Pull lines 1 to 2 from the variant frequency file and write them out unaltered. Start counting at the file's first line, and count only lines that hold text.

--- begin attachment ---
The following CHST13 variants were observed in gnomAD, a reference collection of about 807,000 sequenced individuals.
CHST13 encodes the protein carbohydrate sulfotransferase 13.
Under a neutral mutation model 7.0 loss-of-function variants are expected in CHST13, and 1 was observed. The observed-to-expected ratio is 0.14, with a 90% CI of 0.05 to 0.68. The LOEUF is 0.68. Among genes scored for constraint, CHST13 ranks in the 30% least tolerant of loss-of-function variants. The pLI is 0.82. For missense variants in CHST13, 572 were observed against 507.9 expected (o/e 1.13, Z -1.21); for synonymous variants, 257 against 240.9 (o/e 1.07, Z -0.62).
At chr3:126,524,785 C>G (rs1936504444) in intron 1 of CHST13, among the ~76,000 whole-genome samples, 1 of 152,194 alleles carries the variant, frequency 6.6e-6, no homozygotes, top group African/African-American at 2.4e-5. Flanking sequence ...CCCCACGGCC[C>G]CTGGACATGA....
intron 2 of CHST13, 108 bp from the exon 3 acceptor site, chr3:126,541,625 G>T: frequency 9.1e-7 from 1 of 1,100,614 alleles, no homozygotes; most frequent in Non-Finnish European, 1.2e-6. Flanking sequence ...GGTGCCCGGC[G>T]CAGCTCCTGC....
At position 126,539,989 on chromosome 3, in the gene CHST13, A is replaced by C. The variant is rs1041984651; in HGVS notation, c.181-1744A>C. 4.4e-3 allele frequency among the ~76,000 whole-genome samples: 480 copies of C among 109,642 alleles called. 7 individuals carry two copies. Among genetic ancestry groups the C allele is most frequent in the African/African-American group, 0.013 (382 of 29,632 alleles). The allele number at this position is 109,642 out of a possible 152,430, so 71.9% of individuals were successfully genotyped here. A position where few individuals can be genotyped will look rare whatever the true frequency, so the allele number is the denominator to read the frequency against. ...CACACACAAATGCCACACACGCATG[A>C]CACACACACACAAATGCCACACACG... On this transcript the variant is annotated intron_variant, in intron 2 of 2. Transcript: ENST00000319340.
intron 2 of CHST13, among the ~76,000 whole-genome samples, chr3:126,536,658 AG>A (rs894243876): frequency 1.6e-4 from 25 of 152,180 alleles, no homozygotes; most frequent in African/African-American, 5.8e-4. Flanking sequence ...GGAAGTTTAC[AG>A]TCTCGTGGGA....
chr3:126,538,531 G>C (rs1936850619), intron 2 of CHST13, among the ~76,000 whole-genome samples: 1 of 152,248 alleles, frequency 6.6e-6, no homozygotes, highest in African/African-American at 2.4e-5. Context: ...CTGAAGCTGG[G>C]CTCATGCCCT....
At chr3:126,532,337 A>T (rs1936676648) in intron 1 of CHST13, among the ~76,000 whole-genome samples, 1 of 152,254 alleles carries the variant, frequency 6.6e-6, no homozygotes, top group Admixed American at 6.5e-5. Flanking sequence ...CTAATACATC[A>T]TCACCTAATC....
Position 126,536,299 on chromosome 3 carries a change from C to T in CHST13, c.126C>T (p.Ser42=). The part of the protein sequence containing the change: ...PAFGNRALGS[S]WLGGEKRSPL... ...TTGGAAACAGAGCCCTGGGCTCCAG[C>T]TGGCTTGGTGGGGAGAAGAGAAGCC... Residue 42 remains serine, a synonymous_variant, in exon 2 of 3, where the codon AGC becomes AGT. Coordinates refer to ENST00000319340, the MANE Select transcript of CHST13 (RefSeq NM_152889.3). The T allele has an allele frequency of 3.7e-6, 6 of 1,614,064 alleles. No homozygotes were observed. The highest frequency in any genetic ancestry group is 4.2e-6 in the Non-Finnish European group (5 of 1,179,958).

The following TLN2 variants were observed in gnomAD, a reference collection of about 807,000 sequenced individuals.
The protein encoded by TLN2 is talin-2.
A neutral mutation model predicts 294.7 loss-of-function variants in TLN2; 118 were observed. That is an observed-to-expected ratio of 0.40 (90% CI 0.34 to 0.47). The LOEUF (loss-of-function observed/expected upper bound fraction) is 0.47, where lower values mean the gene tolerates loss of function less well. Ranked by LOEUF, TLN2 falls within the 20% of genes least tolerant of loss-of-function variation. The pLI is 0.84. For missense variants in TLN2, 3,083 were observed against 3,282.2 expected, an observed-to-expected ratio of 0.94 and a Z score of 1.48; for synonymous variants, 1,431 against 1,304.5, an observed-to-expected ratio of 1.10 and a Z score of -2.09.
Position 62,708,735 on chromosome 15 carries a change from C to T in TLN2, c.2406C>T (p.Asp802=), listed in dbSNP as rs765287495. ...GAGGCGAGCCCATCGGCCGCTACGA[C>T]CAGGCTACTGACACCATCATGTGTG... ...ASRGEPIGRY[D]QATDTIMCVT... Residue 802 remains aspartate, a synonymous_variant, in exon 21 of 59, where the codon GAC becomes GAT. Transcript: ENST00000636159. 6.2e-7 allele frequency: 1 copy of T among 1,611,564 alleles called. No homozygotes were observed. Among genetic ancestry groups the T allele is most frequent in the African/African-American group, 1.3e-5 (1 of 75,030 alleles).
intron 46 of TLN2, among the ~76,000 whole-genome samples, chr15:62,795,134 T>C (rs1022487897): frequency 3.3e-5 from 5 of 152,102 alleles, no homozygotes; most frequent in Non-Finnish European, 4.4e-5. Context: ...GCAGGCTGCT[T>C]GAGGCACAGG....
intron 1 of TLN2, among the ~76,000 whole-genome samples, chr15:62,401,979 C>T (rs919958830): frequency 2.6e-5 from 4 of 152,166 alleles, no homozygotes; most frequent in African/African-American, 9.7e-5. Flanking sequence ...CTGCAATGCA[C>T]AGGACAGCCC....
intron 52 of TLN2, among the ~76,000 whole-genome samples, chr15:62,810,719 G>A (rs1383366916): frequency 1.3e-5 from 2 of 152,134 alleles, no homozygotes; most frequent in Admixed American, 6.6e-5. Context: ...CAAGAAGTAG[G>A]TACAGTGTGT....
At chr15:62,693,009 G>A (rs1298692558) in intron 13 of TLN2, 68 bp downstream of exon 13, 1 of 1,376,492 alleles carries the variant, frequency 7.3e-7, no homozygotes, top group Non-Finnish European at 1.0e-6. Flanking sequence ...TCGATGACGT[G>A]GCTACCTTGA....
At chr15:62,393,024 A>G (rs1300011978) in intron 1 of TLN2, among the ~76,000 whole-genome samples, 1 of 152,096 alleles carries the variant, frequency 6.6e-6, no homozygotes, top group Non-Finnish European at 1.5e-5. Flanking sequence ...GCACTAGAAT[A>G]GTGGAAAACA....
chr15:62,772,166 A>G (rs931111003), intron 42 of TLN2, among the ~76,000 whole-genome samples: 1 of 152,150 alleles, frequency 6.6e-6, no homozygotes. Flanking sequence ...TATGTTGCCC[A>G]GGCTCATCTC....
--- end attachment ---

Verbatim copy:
The following CHST13 variants were observed in gnomAD, a reference collection of about 807,000 sequenced individuals.
CHST13 encodes the protein carbohydrate sulfotransferase 13.